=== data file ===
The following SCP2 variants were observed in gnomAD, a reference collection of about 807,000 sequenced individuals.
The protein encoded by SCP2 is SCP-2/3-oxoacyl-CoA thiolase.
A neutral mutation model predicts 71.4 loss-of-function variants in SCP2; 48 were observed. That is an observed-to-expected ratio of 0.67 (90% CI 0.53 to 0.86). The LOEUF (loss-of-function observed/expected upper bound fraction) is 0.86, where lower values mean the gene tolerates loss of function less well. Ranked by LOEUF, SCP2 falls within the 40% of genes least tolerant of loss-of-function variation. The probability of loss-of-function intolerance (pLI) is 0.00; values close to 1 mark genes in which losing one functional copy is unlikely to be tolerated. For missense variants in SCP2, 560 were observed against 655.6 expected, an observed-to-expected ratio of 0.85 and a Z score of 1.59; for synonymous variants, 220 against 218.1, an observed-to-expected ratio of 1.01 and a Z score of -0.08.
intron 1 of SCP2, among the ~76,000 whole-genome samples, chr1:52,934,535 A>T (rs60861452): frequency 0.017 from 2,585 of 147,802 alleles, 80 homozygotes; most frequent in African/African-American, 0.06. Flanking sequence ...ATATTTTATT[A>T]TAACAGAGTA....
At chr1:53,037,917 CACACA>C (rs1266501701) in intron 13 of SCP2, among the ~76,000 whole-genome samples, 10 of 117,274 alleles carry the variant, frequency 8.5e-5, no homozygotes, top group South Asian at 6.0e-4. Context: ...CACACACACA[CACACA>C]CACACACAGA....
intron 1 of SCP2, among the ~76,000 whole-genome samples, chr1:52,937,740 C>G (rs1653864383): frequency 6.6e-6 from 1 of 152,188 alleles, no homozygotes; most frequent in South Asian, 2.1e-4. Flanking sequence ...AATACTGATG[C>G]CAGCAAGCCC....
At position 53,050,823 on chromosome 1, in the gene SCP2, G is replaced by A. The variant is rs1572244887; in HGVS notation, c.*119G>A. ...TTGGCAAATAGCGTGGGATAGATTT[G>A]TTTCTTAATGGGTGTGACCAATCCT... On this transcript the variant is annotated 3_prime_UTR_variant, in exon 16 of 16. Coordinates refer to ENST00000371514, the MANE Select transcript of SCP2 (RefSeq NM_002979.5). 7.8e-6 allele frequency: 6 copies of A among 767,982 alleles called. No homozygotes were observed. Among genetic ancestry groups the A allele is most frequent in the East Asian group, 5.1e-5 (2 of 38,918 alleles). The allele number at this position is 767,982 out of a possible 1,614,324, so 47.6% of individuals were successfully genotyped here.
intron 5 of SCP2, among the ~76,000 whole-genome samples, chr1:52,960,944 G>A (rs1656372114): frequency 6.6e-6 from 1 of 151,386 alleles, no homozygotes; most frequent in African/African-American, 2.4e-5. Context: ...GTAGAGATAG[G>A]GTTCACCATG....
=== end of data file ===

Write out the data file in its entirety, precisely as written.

The following SCP2 variants were observed in gnomAD, a reference collection of about 807,000 sequenced individuals.
The protein encoded by SCP2 is SCP-2/3-oxoacyl-CoA thiolase.
A neutral mutation model predicts 71.4 loss-of-function variants in SCP2; 48 were observed. That is an observed-to-expected ratio of 0.67 (90% CI 0.53 to 0.86). The LOEUF (loss-of-function observed/expected upper bound fraction) is 0.86, where lower values mean the gene tolerates loss of function less well. Ranked by LOEUF, SCP2 falls within the 40% of genes least tolerant of loss-of-function variation. The probability of loss-of-function intolerance (pLI) is 0.00; values close to 1 mark genes in which losing one functional copy is unlikely to be tolerated. For missense variants in SCP2, 560 were observed against 655.6 expected, an observed-to-expected ratio of 0.85 and a Z score of 1.59; for synonymous variants, 220 against 218.1, an observed-to-expected ratio of 1.01 and a Z score of -0.08.
intron 1 of SCP2, among the ~76,000 whole-genome samples, chr1:52,934,535 A>T (rs60861452): frequency 0.017 from 2,585 of 147,802 alleles, 80 homozygotes; most frequent in African/African-American, 0.06. Flanking sequence ...ATATTTTATT[A>T]TAACAGAGTA....
At chr1:53,037,917 CACACA>C (rs1266501701) in intron 13 of SCP2, among the ~76,000 whole-genome samples, 10 of 117,274 alleles carry the variant, frequency 8.5e-5, no homozygotes, top group South Asian at 6.0e-4. Context: ...CACACACACA[CACACA>C]CACACACAGA....
intron 1 of SCP2, among the ~76,000 whole-genome samples, chr1:52,937,740 C>G (rs1653864383): frequency 6.6e-6 from 1 of 152,188 alleles, no homozygotes; most frequent in South Asian, 2.1e-4. Flanking sequence ...AATACTGATG[C>G]CAGCAAGCCC....
At position 53,050,823 on chromosome 1, in the gene SCP2, G is replaced by A. The variant is rs1572244887; in HGVS notation, c.*119G>A. ...TTGGCAAATAGCGTGGGATAGATTT[G>A]TTTCTTAATGGGTGTGACCAATCCT... On this transcript the variant is annotated 3_prime_UTR_variant, in exon 16 of 16. Coordinates refer to ENST00000371514, the MANE Select transcript of SCP2 (RefSeq NM_002979.5). 7.8e-6 allele frequency: 6 copies of A among 767,982 alleles called. No homozygotes were observed. Among genetic ancestry groups the A allele is most frequent in the East Asian group, 5.1e-5 (2 of 38,918 alleles). The allele number at this position is 767,982 out of a possible 1,614,324, so 47.6% of individuals were successfully genotyped here.
intron 5 of SCP2, among the ~76,000 whole-genome samples, chr1:52,960,944 G>A (rs1656372114): frequency 6.6e-6 from 1 of 151,386 alleles, no homozygotes; most frequent in African/African-American, 2.4e-5. Context: ...GTAGAGATAG[G>A]GTTCACCATG....